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Fiction Books:

Telling Our Selves

Ethnicity and Discourse in Southwestern Alaska



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Telling Our Selves by Chase Hensel
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In this book, Chase Hensel examines how Yup'ik Eskimos and non-natives construct and maintain gender and ethnic identities through strategic talk about hunting, fishing, and processing. Although ethnicity is overtly constructed in terms of either/or categories, the discourse of Bethel residents suggests that their actual concern is less with whether one is native or non-native, than how native one is in a given context. In the interweaving of subsistence practices and subsistence discourse, ethnicity is constantly recreated. This type of discourse occurs in a conversational setting where ethnicity is both implicitly and explicitly contested. While the book is ethnographic, it is not "about Eskimo's." Rather it is about how Bethel residents use similar forms of discourse to strategically validate disparate identities. In this context, the homeland of Yup'ik Eskimos, subsistence is the focus of people's interactions, regardless of their ascriptive ethnicity. Even people who spend little time in subsistence activities spend a great deal of time in subsistence conversation. Unlike traditional ethnographies which focus on traditions, and consequently tend to reify the past, this contemporary ethnography focuses on contemporary preoccupations of identity and meaning. The ethnographic description becomes a device for preserving and explicating the opulent polysemy of situated talk.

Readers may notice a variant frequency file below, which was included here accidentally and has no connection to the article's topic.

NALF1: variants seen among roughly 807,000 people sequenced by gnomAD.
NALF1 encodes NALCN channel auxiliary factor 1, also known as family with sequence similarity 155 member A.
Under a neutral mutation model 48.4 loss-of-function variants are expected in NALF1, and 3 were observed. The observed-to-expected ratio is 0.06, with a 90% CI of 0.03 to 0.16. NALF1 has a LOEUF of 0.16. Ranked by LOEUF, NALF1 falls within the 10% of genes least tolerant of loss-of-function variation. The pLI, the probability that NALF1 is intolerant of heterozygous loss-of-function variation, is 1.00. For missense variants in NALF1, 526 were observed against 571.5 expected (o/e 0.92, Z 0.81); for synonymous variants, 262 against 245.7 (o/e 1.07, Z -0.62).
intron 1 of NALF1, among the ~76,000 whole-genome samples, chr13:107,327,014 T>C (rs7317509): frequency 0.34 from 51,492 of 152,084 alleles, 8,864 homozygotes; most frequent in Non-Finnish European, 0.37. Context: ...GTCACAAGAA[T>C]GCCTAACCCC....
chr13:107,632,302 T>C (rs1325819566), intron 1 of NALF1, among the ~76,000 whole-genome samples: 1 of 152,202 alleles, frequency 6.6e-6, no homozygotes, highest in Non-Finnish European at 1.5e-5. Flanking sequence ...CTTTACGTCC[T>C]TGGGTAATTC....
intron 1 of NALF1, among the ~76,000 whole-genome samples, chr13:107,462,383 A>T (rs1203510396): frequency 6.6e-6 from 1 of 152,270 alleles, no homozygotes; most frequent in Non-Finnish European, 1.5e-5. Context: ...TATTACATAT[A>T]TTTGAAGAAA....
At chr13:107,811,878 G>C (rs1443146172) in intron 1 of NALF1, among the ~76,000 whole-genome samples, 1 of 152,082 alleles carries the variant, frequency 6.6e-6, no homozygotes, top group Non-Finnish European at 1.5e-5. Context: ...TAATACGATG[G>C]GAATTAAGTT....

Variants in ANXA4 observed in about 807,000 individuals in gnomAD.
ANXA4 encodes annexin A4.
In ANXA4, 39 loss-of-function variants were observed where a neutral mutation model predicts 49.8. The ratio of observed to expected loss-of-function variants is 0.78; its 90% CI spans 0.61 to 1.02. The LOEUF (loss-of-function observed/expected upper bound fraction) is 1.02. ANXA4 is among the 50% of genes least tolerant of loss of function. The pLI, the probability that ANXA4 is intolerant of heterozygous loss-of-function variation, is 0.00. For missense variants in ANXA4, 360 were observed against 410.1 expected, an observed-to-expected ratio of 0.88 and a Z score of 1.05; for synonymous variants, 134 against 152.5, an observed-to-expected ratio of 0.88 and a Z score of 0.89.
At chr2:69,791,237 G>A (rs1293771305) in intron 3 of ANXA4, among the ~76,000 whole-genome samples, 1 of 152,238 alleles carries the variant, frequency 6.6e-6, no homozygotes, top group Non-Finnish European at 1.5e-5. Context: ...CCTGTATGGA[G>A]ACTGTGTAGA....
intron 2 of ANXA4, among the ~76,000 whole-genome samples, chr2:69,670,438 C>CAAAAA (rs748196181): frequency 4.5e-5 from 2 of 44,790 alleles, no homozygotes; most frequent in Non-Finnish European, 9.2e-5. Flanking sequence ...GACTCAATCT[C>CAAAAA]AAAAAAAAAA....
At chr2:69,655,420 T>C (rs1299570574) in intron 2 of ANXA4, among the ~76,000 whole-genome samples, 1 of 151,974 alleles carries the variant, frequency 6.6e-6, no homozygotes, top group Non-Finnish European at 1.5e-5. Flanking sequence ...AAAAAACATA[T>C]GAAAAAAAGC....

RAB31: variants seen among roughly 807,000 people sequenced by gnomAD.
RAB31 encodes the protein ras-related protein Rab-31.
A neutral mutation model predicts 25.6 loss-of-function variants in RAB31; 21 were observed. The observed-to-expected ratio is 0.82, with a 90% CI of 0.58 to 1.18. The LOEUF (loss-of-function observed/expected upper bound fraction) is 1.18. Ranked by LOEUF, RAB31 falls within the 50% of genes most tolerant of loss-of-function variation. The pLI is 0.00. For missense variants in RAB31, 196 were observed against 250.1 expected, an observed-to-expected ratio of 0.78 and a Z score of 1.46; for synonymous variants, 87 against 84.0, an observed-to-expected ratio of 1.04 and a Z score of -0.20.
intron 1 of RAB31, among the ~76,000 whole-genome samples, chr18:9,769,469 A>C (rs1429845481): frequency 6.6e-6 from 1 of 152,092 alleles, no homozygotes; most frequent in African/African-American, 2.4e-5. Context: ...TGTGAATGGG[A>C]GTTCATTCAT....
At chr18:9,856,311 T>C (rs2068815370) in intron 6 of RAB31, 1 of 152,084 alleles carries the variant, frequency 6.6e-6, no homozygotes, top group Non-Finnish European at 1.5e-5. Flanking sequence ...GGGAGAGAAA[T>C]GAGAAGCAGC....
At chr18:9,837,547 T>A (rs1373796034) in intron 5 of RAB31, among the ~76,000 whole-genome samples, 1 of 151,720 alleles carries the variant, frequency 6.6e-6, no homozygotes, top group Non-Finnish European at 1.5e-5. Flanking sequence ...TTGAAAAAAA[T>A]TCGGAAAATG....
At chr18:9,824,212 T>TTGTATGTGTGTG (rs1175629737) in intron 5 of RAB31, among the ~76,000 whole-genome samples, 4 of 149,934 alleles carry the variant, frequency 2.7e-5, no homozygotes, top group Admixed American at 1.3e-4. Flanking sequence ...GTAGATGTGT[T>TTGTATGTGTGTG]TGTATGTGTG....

Release date Australia
May 1st, 1996
Country of Publication
United States
Oxford University Press Inc
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